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Strategic Foresight: Can Prediction Challenges Be a New Tool for Governments?

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Hindsight is 2020, foresight is 2021. The COVID-19 pandemic abruptly changed the lives of almost everyone on the planet, causing more than four million recorded deaths, changing the way we travel, work, and socialize, as well as reducing the global economic output by trillions of dollars. As such, the pandemic has reinforced the willingness to engage in strategic foresight and to «think about the unthinkable».


However, what does this mean in practice? What foresight methods and tools are available, and which are suitable for what purpose? The interdisciplinary nature and breadth of strategic foresight makes it hard to provide comprehensive answers. Still, some methods, such as prediction challenges, deserve particular attention. Prediction challenges are a relatively new, Internet-enabled phenomenon. As such, they are not (yet) integrated into most governmental foresight processes. At the same time, the performance-based selection of online volunteers from prediction challenges has fared very well compared to other approaches in prize competitions organized by US Intelligence Advanced Research Projects Activity (IARPA).

How it works

A prediction challenge consists of a forecasting question, to which participants can submit their forecasts. Participation on prediction platforms is not restricted by demographics or credentials but is open to anyone with an interest in forecasting and/or the topic area. The primary incentive to participate is points or ranking systems that reflect the prediction record of users. Some platforms also offer awards to the best forecasters.

Answers to prediction questions can be binary (e.g., Will Xi Jinping be General Secretary of the Chinese Communist Party’s Central Committee on December 31, 2022?), multiclass (e.g., Which team will win the Major League Baseball World Series in 2021?), point estimates, or probability distributions (e.g., When will the first Artificial General Intelligence system be devised, tested, and publicly known of?). Participants can usually update their predictions before a challenge is resolved, and aggregate forecast timelines often show how the average answer on questions has evolved.

Notable examples

  • The Good Judgment Project began in 2011 as part of a competition by IARPA. Good Judgement Inc. is the commercial spin-off from the project. It operates Good Judgement Open, a public forecasting tournament with questions ranging from geopolitics to finance, to sports. The company also provides access to its most successful forecasters as a service. To qualify as such a «superforecaster», an individual has to score in the top 2 per cent of the Good Judgement platform. Tetlock and Gardner have shown that the performance on Good Judgement contains clear elements of skill. The correlation of the performance between two years is circa 0.65 across all forecasters and about 70 per cent of the best performing forecasters in their Good Judgement Project were able to maintain their status year-to-year.
  • The company Metaculus was founded in 2015 and offers a platform for probability predictions to binary questions, numerical-range predictions, and date-range predictions.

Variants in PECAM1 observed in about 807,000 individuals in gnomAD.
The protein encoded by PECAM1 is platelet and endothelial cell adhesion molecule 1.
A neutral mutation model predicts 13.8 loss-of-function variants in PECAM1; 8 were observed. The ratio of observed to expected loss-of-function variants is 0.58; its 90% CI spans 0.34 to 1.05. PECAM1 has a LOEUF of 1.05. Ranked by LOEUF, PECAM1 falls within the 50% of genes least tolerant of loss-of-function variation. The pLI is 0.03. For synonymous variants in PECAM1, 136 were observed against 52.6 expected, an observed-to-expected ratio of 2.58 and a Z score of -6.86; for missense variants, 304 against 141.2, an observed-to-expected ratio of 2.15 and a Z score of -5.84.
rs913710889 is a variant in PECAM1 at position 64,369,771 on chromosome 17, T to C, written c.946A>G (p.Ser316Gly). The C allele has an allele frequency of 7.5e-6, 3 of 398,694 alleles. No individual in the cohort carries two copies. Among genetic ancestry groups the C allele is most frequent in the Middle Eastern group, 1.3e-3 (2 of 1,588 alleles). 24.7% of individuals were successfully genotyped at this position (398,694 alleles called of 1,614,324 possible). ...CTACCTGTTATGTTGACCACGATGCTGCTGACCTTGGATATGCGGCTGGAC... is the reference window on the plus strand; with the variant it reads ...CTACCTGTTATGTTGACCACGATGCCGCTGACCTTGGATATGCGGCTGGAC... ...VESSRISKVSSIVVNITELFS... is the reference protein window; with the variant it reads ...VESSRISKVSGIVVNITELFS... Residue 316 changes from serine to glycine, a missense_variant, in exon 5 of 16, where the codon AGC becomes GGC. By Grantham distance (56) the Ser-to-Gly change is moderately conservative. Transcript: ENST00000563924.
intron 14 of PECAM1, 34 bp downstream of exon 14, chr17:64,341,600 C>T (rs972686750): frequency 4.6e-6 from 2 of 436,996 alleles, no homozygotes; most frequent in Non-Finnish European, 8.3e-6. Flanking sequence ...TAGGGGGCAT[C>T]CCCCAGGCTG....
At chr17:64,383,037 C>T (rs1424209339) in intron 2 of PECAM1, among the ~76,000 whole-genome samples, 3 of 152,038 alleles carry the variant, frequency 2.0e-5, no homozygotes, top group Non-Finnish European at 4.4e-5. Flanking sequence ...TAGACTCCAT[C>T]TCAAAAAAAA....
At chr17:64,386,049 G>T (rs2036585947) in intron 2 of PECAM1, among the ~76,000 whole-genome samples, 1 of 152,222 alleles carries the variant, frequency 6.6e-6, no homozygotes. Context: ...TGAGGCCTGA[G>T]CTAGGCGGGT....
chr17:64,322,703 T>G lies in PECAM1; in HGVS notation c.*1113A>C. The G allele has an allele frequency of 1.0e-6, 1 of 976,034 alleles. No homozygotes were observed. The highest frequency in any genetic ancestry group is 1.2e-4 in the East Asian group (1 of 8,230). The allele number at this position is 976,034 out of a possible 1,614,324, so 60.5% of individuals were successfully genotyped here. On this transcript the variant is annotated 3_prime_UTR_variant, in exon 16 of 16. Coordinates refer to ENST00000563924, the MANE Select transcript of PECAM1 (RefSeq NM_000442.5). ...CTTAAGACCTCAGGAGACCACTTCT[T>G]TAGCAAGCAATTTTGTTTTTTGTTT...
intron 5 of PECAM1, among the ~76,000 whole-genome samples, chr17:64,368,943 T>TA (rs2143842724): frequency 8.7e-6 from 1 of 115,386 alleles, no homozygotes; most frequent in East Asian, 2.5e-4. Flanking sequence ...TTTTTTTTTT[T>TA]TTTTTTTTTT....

• The Forecast app lets people use virtual points to trade on future events and outcomes. In October 2020, Facebook’s New Product Experimentation team opened the app up to all users in the US and Canada.
  • Foretell is a project launched by Georgetown’s Center for Security and Emerging Technology that focuses on questions relevant to technology-security policy. It has a particular focus on US-China politics, AI, and information technology.
  • Cosmic Bazaar was launched in April 2020 by the UK government to supplement traditional forms of analysis and prediction. It includes 1300 forecasters from 41 different government departments and several allied countries.

Overall, prediction challenges are an interesting new tool that can identify and leverage individuals with high generic forecasting skills either within government administrations or more broadly within society. Persistently successful forecasters can be used as a slack cognitive resource to help answer questions in a crisis. Furthermore, prediction challenges may promote cognitive diversity, as pseudonymity allows a junior data scientist to contest the predictions and reasoning of a senior ambassador without regard to bureaucratic hierarchies. Prediction challenges appear particularly suited for forecasting technological and political events in the next five years. On longer time horizons forecasters do not fare better than chance on events, and it makes more sense to focus on trends or scenarios. Furthermore, there are some caveats concerning low probability, high impact risks, as well as regarding public relations risks.


For a general overview of strategic foresight with illustrative examples and links to documents with more in-depth discussions and instructions for specific methods, please read the CSS Risk and Resilience Report «Strategic Foresight: Knowledge, Tools, and Methods for the Future», commissioned by the Swiss Federal Commission for Nuclear, Biological, and Chemical Protection and the Swiss Federal Office for Civil Protection.

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